What was his “thing”?

Well, aside from some words, it seems like he has a sensibility with that type of song. I’m just not that gentle of a songwriter. That’s why it was hard for me to finish that song, and he just has a way of handling those kinds of tunes with such grace.

How far back do you and the Robison brothers go?

I remember hearing “Angry All the Time” on KNON back in ’95 I think. Right when he put that first record out. And it was at that point that we started seeing each other at different shows. And then Charlie started opening shows for me after Livin’ or Dyin’, so ’97 or 98. He was just out playing with his bass player, Lunchmeat. They came out for like six months to a year opening shows for me.

Is it true that you had wanted to record the song “I Want You Bad,” and had been performing it live long before he cut it for his Step Right Up album and made it a single? Rumor was that caused something of a rift between you two.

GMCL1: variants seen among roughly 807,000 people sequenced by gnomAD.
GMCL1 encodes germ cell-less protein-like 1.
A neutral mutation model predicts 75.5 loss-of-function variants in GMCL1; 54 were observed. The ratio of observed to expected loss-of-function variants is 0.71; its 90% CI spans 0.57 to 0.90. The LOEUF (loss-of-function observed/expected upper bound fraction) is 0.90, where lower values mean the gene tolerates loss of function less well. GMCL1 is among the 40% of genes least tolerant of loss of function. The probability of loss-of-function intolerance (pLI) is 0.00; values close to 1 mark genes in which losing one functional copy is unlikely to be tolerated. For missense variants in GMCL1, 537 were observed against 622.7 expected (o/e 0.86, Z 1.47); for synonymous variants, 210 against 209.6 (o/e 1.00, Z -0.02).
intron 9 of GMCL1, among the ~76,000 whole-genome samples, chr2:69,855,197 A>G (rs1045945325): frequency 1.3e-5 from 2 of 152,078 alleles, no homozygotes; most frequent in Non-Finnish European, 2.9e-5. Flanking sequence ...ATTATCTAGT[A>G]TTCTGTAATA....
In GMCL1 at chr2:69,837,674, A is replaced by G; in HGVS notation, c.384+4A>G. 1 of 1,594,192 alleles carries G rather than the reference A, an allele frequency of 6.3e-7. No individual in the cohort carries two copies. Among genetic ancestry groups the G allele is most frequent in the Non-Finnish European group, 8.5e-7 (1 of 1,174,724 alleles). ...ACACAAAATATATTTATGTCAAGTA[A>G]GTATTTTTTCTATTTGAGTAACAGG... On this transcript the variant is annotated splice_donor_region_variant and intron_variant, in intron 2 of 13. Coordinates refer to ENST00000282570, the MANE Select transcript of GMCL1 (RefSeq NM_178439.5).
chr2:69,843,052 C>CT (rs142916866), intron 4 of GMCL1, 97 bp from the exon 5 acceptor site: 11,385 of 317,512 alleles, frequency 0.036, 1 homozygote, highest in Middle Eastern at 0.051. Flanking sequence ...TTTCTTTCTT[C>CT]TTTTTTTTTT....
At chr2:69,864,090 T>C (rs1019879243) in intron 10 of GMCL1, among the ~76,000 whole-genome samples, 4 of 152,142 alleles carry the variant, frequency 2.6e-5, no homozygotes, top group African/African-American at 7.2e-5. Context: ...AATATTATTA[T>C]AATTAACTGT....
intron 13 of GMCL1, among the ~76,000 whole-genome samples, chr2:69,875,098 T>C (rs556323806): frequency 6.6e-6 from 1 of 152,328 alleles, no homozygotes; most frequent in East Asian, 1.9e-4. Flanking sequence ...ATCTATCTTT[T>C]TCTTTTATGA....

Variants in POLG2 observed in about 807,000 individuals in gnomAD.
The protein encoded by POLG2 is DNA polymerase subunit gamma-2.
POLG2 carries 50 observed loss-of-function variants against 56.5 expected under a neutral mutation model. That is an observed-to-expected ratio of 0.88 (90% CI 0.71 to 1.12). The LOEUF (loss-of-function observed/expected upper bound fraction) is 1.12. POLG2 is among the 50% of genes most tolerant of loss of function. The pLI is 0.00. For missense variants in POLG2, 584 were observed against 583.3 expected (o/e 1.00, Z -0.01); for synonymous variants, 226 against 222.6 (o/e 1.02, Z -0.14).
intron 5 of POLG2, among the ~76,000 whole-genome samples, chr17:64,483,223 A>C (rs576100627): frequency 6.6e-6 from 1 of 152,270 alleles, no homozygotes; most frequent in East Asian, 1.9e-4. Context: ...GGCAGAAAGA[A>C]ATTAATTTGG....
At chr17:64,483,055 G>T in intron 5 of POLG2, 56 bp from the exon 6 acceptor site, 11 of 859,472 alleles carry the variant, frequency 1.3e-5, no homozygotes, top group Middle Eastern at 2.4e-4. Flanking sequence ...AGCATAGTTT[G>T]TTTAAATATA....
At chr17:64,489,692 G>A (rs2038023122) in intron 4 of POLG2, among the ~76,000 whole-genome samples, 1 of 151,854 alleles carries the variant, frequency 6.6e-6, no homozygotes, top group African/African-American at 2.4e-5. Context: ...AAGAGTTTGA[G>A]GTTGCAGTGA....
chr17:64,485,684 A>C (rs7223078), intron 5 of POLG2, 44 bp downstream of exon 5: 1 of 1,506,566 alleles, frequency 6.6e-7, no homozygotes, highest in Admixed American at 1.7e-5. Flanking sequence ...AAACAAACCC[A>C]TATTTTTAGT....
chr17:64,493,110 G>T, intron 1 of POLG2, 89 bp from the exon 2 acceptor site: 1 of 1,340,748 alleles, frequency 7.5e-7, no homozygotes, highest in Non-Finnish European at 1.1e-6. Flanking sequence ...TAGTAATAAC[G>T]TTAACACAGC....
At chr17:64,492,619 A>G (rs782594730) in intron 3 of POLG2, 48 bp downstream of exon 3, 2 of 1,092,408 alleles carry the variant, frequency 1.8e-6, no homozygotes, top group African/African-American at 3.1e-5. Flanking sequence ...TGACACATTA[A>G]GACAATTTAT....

No, there was certainly never a rift. We’re too good of friends to go through that kind of shit. But I had actually recorded that song to put on that Unleashed record that we were all on. And I had planned on recording it, so I’d be lying if I said I hadn’t planned on doing something with that song. But man, when he did it, it’s kind of one of those things where it’s like, “Hell, you’re making a record right now, go for it. If anybody does well with it, especially out of my family of friends that I’ve been with out here in the clubs banging our heads against the wall, man, go for it.” I think there’s enough good songs to go around.